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Taonga (Statues) Unveiled Tomorrow

Tuesday 15 June 2004

Pacific Business Trust Taonga (Statues) Unveiled Tomorrow

Seven Pacific statues will be unveiled tomorrow as part of the opening celebrations for the new Pacific Business Trust Business Centre in Otahuhu, Auckland.

The five metre statues were created in 1988 to represent the different links that Pacific people have with Maori. Each statue reflects the oral histories relating to the Pacific sea deity - Tangaroa. Originally positioned along the driveway entrance to the Trust, the carvings stood the test of time outside without blemish or grafitti.

They have now been moved near the doorway of the new Business Centre which carries on the oceanic theme of the carvings with a traditional vaka (canoe) entrance.

Restoration work began on the carvings two months ago by Richard Cooper, the Fine Arts head at Manukau's Te Wananga O Aotearoa, and several of his family members. Initial work included repainting and restaining wood as well as fixing paua eyes.

"Each carving represents our cultures, ancestors and people of the Pacific Islands," says Cooper. "It gives our people something to connect to. The carvings give mana to the Pacific Business Trust Business Centre complex and act like guardians over the refurbished building."

Former Chief Executive of the Ministry of Pacific Island Affairs, Apii Rongo Raea, says the idea for the carvings was borne out of the issue of Maori and Pacific Island identity.

"For this reason the Tangaroa (tangata whenua) statue was positioned first to warmly greet and welcome peoples onto the Trust's business home. The respective ancestors not only served that purpose but cared for and kept the site warm. Their new positions in the current premises follow the same pattern," says Raea.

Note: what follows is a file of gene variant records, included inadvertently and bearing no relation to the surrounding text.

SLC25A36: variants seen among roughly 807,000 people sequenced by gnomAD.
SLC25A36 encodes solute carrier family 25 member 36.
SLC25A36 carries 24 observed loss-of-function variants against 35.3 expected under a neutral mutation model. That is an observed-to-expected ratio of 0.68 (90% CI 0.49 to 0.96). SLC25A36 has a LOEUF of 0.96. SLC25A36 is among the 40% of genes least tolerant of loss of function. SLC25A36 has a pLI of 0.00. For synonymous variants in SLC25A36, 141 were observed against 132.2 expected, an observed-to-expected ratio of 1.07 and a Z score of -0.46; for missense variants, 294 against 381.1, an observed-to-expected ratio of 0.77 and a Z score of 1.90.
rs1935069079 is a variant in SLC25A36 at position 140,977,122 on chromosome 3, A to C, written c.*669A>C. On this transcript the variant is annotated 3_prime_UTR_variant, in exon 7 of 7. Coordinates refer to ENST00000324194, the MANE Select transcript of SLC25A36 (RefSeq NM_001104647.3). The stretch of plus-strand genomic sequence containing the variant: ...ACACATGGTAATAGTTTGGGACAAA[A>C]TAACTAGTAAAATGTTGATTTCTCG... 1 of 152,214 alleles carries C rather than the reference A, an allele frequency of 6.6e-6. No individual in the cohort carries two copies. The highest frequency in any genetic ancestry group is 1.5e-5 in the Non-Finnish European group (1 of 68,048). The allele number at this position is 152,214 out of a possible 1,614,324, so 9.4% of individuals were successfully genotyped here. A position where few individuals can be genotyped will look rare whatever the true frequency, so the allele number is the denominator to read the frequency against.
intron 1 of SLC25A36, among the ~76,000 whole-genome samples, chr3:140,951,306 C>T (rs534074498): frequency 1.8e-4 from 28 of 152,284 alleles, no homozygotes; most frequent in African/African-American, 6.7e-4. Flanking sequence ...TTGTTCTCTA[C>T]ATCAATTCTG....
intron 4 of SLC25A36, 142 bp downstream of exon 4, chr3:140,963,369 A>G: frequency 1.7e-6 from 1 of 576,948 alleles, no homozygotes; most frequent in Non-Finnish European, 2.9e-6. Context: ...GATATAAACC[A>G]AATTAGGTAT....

The carvings will be unveiled with a formal Maori blessing tomorrow morning (Wednesday 15 June at 11.00 am) followed by traditional Pacific Island oratory. The details of the carvings are:


Crafted by Te Kotahitangi Kokiri Maori Carving School Tutor Pat Kake Carvers Joe Heke and John Proctor The top figure is Tangaroa who bought the first carvings of Maoridom to Aotearoa. At the base is Hoturoa the tohunga on the waka Tainui. It was he who brought his people to settle in these parts.


Crafted by Tautai Pacific Contemporary Arts Trust Carver Naibuka Taitaru "He who comes from the Sea" depicts Naibuka's personal interpretation of stories of the ocean.


Crafted by Tautai Pacific Contemporary Arts Trust Carver Steven Gwaliasi The navigator who occupies the bow of the vaka. The primary role is that of protector to ensure safe passage.

TAGALOA - SAMOA Crafted by Tautai Pacific Contemporary Arts Trust Carver Fatu Feu'u Fatu's well known depiction of the god of the sea also features symbols that link the past and present to the future.


Crafted by Tautai Pacific Contemporary Arts Trust Pou Donated by Malcolm Douglas Carvers Palalagitoa Manetoa with son Jack Tagaloa captures the many stories of Niuean history. Basic patterns are from hiapa-tapa. The shell on the forehead represents a "warrior, mana, godly" status. The branches at the base and at the back of the head represent the old and the new. The luku-fern plan signifies life in art.


Crafted by Tautai Pacific Contemporary Arts Trust Carver Ian George Ian has created the well know Polynesian god 'Tangaroa' at the top and with him at the base is 'Tangiia' - linking the stories of the Cook Islands to Tahiti and other Polynesian islands.


Crafted by Tautai Pacific Contemporary Arts Trust Carver Filipe Tohi The beginning, the Creator is a well known figure in Tongan history.


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